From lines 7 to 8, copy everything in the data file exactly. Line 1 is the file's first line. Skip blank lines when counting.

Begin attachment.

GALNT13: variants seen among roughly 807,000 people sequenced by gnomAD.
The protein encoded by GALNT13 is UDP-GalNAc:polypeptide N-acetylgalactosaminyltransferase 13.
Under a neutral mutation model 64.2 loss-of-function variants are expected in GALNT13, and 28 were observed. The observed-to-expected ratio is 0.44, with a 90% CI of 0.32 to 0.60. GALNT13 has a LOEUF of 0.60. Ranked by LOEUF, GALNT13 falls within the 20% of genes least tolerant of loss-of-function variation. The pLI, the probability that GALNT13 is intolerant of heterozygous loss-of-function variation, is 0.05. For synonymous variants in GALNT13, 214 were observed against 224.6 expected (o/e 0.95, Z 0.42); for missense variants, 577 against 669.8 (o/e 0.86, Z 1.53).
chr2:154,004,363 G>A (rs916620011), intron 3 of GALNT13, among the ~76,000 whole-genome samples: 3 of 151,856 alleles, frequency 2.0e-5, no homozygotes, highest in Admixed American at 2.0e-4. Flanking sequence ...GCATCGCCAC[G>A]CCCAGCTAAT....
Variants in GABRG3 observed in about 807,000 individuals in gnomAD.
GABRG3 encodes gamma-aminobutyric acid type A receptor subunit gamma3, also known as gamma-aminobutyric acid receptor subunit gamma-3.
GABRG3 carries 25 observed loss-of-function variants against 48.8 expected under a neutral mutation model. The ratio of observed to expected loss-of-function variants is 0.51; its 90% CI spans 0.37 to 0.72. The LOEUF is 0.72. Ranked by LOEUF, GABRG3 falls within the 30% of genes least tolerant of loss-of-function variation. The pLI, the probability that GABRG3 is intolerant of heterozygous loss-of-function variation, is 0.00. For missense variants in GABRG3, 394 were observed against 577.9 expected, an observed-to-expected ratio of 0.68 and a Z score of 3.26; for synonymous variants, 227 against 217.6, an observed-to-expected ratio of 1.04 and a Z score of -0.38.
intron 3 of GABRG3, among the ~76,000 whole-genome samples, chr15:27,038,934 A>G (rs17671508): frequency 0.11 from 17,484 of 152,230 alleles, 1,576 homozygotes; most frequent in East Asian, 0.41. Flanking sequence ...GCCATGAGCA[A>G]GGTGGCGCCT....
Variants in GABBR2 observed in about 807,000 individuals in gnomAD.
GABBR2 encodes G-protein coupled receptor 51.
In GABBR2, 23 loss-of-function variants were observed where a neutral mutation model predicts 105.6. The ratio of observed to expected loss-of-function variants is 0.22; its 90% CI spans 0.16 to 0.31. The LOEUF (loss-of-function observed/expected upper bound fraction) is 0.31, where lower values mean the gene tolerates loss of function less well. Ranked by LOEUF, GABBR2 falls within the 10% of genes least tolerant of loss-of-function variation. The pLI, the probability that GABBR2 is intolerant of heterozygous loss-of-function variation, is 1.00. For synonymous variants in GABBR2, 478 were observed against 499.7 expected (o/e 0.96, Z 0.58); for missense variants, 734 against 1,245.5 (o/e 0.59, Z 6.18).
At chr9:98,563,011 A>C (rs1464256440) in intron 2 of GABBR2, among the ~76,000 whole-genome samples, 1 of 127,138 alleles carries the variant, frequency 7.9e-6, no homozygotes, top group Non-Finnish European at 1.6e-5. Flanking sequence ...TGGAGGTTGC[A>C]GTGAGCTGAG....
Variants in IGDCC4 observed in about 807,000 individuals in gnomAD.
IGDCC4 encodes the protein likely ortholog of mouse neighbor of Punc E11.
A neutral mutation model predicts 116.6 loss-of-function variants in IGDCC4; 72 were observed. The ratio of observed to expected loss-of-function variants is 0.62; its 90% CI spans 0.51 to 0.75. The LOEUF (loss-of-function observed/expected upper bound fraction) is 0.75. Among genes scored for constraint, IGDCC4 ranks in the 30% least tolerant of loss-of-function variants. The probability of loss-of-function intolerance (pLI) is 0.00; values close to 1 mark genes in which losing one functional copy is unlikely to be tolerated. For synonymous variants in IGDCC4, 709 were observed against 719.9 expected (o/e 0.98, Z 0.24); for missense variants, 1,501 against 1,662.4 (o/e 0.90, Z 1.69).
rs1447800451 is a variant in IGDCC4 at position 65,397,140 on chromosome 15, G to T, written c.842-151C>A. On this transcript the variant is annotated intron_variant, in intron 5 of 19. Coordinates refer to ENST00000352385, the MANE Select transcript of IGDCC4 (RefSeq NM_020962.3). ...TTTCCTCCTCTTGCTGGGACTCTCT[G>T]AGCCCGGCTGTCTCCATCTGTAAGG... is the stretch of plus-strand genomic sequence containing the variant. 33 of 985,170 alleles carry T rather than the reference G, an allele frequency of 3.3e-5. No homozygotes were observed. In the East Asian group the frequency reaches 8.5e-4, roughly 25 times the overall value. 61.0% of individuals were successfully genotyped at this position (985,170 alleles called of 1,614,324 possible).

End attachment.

GABRG3 carries 25 observed loss-of-function variants against 48.8 expected under a neutral mutation model. The ratio of observed to expected loss-of-function variants is 0.51; its 90% CI spans 0.37 to 0.72. The LOEUF is 0.72. Ranked by LOEUF, GABRG3 falls within the 30% of genes least tolerant of loss-of-function variation. The pLI, the probability that GABRG3 is intolerant of heterozygous loss-of-function variation, is 0.00. For missense variants in GABRG3, 394 were observed against 577.9 expected, an observed-to-expected ratio of 0.68 and a Z score of 3.26; for synonymous variants, 227 against 217.6, an observed-to-expected ratio of 1.04 and a Z score of -0.38.
intron 3 of GABRG3, among the ~76,000 whole-genome samples, chr15:27,038,934 A>G (rs17671508): frequency 0.11 from 17,484 of 152,230 alleles, 1,576 homozygotes; most frequent in East Asian, 0.41. Flanking sequence ...GCCATGAGCA[A>G]GGTGGCGCCT....